“Yeah it sucks, but we both knew this was going to happen. I mean, it’s a summer fling after all.” He said nonchalantly.
“A summer fling?” Reagan asked coolly
Is that all she had been to him, a willing body?
“Yeah” Chase said, oblivious of the anger rushing through Reagan’s veins. “Now look, I still have a lot of packin’ left to do, so why don’t we both get goin’ home.”
It was only 10:30, on any other night they would have stayed out past 12, but Reagan, too numb by what had just happened, couldn’t do anything but follow his lead onto their legs.
This is how it all ends? She wondered in surprise. All the wonderful months. All the times I sacrificed for him. The walls I let down to trust him. All so he can say goodbye like we never had anything at all?
Beside her, Chase prattled like they were on one of their usual casual strolls, while her every footstep in the sand felt like she was lifting concrete blocks. What was wrong with him? How could he talk so casually, as her whole chest felt like it was being crushed in, the life sucked out of it?
What about the love songs he had written for her, didn’t they mean anything?
What about all their shared memories? The night she had snuck out to meet him; the long adventurous car drive that had turned into less of an adventure when they had gotten a flat tire on a deserted road. The time he had taught her to surf; they had spent so many hours in the ocean that they emerged back onto land, wrinkled like prunes from the water, encrusted in a film of salty residue. The ice-cream cones eaten under the shade of the docks; people watching the other beach goers, laughing at the old men in Speedos as they licked their cool treats.
They passed a lifeguard chair, a house.
Each step in the sand and each babbled word from Chase, trying to fill the heavy silence, drew them closer and closer to the destination she never wanted to reach. When they finally reached the weather-beaten wooden stairs that crept up over the dunes, laying out a worn walkway to her house, her stomach churned like she had eaten something bad.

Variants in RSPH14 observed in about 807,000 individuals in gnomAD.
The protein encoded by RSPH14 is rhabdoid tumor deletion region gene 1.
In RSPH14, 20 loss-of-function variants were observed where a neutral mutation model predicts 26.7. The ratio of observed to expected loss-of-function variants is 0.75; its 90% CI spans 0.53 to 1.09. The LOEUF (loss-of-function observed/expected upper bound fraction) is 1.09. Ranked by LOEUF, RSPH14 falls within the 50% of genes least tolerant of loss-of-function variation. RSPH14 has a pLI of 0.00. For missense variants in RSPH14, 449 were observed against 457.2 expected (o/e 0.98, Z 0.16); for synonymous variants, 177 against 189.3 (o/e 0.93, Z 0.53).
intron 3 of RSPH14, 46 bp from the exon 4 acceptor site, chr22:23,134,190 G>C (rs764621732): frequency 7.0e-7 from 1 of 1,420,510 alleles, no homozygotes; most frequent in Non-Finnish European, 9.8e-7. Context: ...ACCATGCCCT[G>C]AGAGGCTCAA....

She shook as Chase spoke.
“Well goodbye, I guess. I’m glad we could spend the summer together. I’ll never forget it.” He said, speaking slowly, as if carefully picking out each word before saying it.
The night was cool, and silent except for the gently lapping of waves in the background. Reagan remembered the one night they had spent out here with flashlights, chasing sand crabs across the beach, and laughing whenever they’d caught one. For a few moments, the silence stayed unbroken. Chase rocked back and forth on his feet, his hands jammed into his pockets, while Reagan studied the boy she thought she could have loved eventually. Even in the dark, he was a handsome sight, with muscles in all the right places.
Another tear fled silently down her cheek.
And then like that tear, which trickled down her face to a sandy death, he was gone. A figure walking down the beach, soon devoured in the darkness.
For just a minute in the rhythm of the waves, Reagan thought she could hear another melody; one Chase had sung to her long ago. The bittersweet tune replayed in her head as she watched the blackness he’d been swallowed into, as if hoping he would somehow reappear with new intentions.
But Reagan knew the awful truth. Chase wasn’t coming back. What had began as a kiss had ended as a broken heart.